Container home built by Kauaʻi CC students and faculty

On Saturday, January 31, Kauaʻi Community College held the blessing and opening of its student-driven Container Home Project. Reverend Wayne Vidinha, Sr. of Ke Akua Mana Church conducted the blessing. The project, part of the College’s Hoʻouluwehi: Sustainable Living Institute on Kauaʻi, was designed to provide students a broad range of experience in constructing sustainable housing. Carpentry, electrical installation, welding, and facilities engineering students received hands-on field experience throughout the project.

The prototype home, built from a shipping container, is an alternative sustainable living dwelling model. The college’s goals are to prepare students to enter jobs that employ sustainable living solutions in building and to use the prototype home to advance a sustainable living lifestyle on Kauaʻi, and throughout the world.

Materials used to build the home were reused and repurposed. Natural airflow keeps the home well ventilated and cool. Space and size reduced the home’s footprint and amount of land used, while maintaining a comfortable place to live. A porch provides additional living space, where homeowners can enjoy fresh air and sunshine.

Kauaʻi CC Chancellor Helen Cox explains that the prototype home is one example of how the college is responding to the growing emphasis on the need for sustainable living practices. Kauaʻi CC offers a certificate of completion to students who complete the electric vehicle hybrid course. Its new sustainable science certificate has been endorsed by businesses on island for providing important skills related to food, waste, water, construction and energy.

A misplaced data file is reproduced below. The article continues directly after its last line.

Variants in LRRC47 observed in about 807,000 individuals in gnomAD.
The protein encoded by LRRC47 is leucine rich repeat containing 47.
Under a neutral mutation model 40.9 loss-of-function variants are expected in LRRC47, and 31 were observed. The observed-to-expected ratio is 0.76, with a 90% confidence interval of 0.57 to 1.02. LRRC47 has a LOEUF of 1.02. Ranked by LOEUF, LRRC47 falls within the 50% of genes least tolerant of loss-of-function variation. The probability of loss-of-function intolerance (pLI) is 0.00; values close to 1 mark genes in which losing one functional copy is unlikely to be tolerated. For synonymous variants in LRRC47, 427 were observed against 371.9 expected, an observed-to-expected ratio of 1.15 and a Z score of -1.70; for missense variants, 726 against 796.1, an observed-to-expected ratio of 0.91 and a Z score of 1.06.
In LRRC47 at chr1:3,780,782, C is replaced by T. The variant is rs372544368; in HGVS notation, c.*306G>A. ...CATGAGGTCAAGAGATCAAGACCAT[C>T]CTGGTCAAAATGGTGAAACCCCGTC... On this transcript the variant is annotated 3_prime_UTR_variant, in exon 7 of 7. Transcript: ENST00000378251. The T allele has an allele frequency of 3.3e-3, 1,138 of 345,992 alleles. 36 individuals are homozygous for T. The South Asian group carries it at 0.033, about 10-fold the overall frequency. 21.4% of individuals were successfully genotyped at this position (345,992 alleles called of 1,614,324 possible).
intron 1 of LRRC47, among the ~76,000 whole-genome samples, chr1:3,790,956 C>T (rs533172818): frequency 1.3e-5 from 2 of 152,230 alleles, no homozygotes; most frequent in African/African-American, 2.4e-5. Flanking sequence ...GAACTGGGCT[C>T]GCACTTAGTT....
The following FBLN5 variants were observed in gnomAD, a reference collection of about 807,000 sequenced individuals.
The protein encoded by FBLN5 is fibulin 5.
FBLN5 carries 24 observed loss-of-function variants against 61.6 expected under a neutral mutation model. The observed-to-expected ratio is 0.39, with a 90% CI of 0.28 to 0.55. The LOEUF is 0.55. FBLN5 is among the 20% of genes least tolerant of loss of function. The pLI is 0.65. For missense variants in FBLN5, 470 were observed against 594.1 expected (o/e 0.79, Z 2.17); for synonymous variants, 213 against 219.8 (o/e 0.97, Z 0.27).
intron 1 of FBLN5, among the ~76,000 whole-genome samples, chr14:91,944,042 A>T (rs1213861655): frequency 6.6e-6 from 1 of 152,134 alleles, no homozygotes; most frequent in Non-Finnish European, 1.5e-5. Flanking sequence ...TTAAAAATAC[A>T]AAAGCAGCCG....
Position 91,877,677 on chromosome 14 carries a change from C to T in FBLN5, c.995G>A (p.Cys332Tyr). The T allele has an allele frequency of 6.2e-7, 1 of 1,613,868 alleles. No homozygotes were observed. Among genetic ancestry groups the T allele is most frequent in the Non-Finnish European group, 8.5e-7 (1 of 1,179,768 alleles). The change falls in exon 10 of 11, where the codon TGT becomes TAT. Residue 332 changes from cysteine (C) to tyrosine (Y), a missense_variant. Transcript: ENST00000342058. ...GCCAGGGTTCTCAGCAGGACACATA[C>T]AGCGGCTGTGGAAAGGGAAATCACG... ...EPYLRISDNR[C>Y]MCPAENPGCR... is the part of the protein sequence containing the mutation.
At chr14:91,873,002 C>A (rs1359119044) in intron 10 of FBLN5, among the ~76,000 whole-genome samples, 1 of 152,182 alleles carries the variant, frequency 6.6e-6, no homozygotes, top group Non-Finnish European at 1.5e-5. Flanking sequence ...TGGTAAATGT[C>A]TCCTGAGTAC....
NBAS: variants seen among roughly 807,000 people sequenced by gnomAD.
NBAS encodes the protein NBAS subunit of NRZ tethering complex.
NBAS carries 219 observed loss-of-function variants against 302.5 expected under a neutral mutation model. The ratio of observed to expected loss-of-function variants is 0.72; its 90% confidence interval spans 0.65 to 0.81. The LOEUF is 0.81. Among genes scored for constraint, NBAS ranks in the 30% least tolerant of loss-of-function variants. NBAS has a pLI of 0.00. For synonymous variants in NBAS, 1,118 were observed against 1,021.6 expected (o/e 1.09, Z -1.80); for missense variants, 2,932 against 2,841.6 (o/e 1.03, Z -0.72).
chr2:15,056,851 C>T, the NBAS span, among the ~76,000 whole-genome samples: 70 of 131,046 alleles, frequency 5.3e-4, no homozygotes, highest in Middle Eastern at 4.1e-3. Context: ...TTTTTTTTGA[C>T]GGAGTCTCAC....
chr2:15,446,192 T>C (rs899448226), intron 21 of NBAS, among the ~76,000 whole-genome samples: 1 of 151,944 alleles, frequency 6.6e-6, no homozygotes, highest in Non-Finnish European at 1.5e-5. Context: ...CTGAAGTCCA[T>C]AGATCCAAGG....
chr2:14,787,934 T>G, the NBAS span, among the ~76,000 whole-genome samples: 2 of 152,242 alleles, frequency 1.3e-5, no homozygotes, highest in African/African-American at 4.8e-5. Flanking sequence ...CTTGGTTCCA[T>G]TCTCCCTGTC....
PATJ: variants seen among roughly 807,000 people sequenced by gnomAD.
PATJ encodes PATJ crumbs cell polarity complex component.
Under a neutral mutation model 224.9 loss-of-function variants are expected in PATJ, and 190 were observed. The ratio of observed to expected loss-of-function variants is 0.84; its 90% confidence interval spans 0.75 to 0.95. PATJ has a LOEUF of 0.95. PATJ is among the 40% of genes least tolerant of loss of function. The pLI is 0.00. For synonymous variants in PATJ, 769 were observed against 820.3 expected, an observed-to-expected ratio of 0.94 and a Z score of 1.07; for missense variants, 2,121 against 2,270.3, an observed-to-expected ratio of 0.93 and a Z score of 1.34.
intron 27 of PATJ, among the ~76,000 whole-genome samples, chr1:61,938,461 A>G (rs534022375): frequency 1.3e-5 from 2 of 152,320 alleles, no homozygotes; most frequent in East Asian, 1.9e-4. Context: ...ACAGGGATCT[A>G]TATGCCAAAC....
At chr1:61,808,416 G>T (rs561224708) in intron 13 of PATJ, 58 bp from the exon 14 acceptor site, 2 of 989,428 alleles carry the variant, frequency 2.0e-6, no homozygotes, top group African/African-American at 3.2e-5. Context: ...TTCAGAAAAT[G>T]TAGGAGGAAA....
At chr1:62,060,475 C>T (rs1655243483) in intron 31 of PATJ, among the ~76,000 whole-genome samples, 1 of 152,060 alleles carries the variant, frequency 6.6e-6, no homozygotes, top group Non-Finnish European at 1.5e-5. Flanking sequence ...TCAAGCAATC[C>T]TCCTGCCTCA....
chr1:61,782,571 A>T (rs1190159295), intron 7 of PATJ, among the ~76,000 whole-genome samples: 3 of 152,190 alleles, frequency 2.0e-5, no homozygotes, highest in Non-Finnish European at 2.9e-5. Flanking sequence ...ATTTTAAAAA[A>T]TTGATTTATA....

Related UH News video: Sustainability a priority
at Kauaʻi Community College
, September 24, 2012

Campus projects include an aquaponics system, apiary and an aeroponics system managed by the culinary program. The college also raised ulu in partnership with the National Tropical Botanical Garden; assisted the Grand Hyatt Kauaʻi Resort and Spa construct a hydroponics garden and conducted research on beach erosion.

“Kauaʻi CC embraces its huge responsibility to both students and the community to teach the very skills that benefit a thriving community that practices sustainable living,” said Cox. “And we must help develop an understanding of climate change and prepare our students with the expertise to work toward mitigating it.”

Read the Kauaʻi CC story for more on the campus’ sustainability efforts.

Kauaʻi Mayor Bernard Carvalho, Reverend Vidinha and Chancellor Helen Cox with students and faculty